Do enterprises need to re-think cyber security?4 min read


In 2018, a security issue at Facebook affected an estimated 50 million users. In 2017, 412 million user accounts was stolen from Friendfinder’s sites and 147.9 million customers were affected by the Equifax data breach. In 2016, 3 billion Yahoo accounts were hacked while hackers managed to steal the data of over 57 million riders and drivers from Uber.

That some of the world’s best-known and biggest tech companies have experienced such massive security failures demonstrates the scale of the cyber security challenge. If not, consider this: the average number of recorded breaches per country in 2017 alone was 24,089. India experienced the highest number of annual breaches (over 33,000 files). The US had 28,500. These are reported figures: the actual numbers could be much higher.

With this in mind, a recent article in India’s Entrepreneur magazine looks at upcoming long-term solutions being observed within the markets.

1. Cyber attacks have gone from being standard-issue, easily manageable threats to complex attacks.
Cyber attacks have gone from being standard-issue, easily manageable threats to complex attacks that leverage cutting-edge technologies and sophisticated algorithms. Given the highly varied nature of modern attacks and the sheer amount of information needed to fully document an attack, it’s no longer possible for cyber security teams to process everything within a reasonable timeframe. Improving detection and response times for cyber threats and enabling human cyber security teams to focus on the more strategic threats is vital.

2. Companies across the world are now looking at adopting AI-powered cybersecurity solutions.
Automation in cyber security is not a new concept and has been widely used over the years. However, with the rising attack surface, the number of alerts being generated by security automation products is usually overwhelming. The high severity threats get buried within a mass of irrelevant alerts, and organisations have to either spend a lot on cyber security teams to manually filter through those alerts or deploy customised automated security solutions that are also prohibitively expensive. This is where AI-powered technologies enter the frame. These technologies are a cost-effective way for companies to identify the most critical threats, thereby increasing detection and response times. In fact, 61% of enterprises today say they cannot do without AI technologies when it comes to detecting breach attempts. Another 48% say that their budget for AI in cyber security will increase by an average of 29% in 2020.

3. Applications today have become increasingly diverse.
They reside on multiple platforms (mobile devices, web servers, application servers, etc.) and proliferate from a number of sources – in-house, third-party, or Commercial Off-the-Shelf (COTS). And while enterprises have so far been fairly effective at protecting the network layer and endpoints of the cyber security surface, the application layer itself remains highly vulnerable. This means enterprises have to make it as difficult as possible for a malicious actor to hurt the organisation or its digital assets.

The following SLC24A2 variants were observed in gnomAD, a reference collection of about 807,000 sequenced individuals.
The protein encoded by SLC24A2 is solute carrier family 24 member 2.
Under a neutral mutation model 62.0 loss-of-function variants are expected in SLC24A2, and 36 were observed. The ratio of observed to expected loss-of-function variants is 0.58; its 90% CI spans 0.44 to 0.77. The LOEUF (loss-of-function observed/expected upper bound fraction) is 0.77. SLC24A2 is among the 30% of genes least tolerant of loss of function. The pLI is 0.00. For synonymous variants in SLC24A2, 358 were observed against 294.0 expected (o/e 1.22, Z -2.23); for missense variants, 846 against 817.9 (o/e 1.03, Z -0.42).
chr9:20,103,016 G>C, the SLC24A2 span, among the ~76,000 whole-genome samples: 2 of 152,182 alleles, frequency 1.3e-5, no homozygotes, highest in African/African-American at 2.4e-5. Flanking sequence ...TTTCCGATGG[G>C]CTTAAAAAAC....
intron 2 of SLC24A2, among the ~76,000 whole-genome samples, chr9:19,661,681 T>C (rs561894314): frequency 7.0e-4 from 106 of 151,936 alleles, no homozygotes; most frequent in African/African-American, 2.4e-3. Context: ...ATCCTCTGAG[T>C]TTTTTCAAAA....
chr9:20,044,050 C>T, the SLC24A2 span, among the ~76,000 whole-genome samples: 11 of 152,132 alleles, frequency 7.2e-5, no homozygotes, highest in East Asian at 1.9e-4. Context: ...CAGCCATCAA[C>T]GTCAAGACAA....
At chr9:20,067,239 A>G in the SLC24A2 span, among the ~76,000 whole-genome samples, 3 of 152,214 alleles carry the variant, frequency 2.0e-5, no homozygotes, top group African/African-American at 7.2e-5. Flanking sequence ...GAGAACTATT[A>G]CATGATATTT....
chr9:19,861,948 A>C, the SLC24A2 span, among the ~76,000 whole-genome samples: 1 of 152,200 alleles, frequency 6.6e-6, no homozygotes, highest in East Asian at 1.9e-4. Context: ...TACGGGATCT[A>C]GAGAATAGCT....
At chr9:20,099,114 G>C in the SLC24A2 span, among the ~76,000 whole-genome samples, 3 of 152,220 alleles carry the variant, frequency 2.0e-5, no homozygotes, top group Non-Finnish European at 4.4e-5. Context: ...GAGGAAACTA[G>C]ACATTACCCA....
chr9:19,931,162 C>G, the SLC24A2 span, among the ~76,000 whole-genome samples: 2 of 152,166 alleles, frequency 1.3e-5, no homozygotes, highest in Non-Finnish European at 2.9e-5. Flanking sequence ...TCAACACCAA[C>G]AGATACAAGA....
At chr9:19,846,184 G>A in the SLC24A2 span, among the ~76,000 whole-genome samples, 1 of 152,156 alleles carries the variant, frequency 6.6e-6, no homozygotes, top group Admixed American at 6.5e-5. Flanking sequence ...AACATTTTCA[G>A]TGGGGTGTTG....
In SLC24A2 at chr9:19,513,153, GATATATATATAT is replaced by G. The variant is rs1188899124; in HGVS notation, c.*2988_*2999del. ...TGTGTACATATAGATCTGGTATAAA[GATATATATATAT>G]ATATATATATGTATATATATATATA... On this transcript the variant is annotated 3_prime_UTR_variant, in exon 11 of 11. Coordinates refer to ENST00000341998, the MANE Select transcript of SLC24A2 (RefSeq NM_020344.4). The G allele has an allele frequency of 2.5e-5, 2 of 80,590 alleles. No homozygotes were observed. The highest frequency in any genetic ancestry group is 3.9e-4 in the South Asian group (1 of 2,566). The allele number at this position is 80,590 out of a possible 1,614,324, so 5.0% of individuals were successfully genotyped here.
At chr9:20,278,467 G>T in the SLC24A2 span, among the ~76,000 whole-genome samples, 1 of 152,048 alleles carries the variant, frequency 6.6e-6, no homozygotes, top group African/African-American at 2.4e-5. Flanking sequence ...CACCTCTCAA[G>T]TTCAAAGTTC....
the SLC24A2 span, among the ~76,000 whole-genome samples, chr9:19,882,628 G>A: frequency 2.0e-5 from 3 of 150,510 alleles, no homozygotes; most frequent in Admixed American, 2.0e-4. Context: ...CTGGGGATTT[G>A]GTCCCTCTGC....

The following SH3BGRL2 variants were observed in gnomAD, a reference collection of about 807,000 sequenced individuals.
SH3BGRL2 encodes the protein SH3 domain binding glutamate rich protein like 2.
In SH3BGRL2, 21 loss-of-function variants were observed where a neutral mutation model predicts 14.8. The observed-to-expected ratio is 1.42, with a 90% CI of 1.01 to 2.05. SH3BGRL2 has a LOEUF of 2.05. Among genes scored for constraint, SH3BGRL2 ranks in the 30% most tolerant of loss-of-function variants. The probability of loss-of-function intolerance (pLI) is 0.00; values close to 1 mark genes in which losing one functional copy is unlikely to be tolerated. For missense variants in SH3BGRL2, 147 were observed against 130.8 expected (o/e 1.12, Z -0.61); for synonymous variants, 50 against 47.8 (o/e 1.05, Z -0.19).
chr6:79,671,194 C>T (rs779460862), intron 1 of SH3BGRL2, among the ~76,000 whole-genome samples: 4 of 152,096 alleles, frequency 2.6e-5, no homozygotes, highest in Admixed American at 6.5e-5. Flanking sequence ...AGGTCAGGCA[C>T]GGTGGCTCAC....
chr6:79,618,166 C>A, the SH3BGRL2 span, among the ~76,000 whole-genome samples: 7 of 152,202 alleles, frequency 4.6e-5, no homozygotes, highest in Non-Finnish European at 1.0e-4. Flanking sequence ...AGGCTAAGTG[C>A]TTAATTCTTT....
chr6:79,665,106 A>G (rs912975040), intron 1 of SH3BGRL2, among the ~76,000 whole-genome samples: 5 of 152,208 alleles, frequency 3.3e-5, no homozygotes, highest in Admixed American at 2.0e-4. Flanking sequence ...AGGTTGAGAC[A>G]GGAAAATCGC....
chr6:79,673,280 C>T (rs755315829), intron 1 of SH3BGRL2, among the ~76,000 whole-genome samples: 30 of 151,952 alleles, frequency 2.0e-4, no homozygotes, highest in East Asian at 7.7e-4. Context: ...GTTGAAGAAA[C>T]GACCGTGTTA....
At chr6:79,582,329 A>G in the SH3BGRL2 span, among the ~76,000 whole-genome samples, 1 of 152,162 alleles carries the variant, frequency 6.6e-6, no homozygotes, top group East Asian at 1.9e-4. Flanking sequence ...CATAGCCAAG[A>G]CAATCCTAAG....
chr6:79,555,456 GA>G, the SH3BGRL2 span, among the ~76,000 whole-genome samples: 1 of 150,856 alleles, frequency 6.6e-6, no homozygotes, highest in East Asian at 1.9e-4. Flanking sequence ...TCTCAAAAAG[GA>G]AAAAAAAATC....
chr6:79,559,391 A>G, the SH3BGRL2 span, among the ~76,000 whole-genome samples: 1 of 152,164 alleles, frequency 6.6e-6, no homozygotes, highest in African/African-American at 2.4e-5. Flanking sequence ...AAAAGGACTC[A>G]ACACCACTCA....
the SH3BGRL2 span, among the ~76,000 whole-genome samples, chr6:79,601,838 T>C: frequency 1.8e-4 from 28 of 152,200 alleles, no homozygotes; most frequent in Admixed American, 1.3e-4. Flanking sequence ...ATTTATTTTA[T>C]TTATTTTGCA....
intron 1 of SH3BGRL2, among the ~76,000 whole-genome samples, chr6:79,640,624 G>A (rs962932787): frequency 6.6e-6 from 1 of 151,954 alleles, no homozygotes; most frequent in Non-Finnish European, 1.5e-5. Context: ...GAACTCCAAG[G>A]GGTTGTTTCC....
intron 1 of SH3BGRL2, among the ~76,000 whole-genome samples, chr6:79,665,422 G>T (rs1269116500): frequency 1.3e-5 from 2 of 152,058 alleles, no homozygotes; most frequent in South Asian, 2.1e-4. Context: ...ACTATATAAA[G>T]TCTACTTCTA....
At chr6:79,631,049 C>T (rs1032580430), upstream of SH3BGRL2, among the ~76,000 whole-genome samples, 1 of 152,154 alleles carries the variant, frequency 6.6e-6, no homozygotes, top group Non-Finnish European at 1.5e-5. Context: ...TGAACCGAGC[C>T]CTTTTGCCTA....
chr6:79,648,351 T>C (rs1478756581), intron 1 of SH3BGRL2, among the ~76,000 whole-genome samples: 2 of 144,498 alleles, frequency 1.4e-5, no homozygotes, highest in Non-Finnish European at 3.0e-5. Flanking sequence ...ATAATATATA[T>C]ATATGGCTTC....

4. A poorly-written piece of code can affect more than just itself.
A poorly-written piece of code can affect more than just itself. The components it interacts with are also at risk. Even a minor flaw can be exploited, damaging, or leading to damage of critical parts of a company’s infrastructure.

5. Bugs
Bugs are commonly introduced due to development team time constraints, legacy code that has since become vulnerable, carelessness or a misunderstanding of bug classes that an attacker will exploit. No matter the automation or rules you have in place, one mistake can take down the organisation. A large amount of information is also leaked online through innocent mistakes.

Given this context, security can no longer be just another layer over the business application but should be inherently built into it as part of the development workflow itself. Things like malicious code, application backdoors and lack of security functionality need to be addressed during development itself; and for existing projects, via a comprehensive assessment.

Summing up, cyber attacks have become more sophisticated and complex than ever, and the defensive methods that worked even a few years ago are now quite limited in their effectiveness. Luckily, a number of advanced cyber security solutions providers are leveraging cutting-edge technologies to build faster detection and response times. Most of these cloud providers have highly sophisticated systems to secure your infrastructure better. Although those systems have a steep learning curve, investing time in setting up proper access controls and defense mechanisms can go a long way in securing your organisation.

Would you like to find out more? Talk to us at CyNation.

This article is based on a recent item in India’s Entrepreneur magazine.

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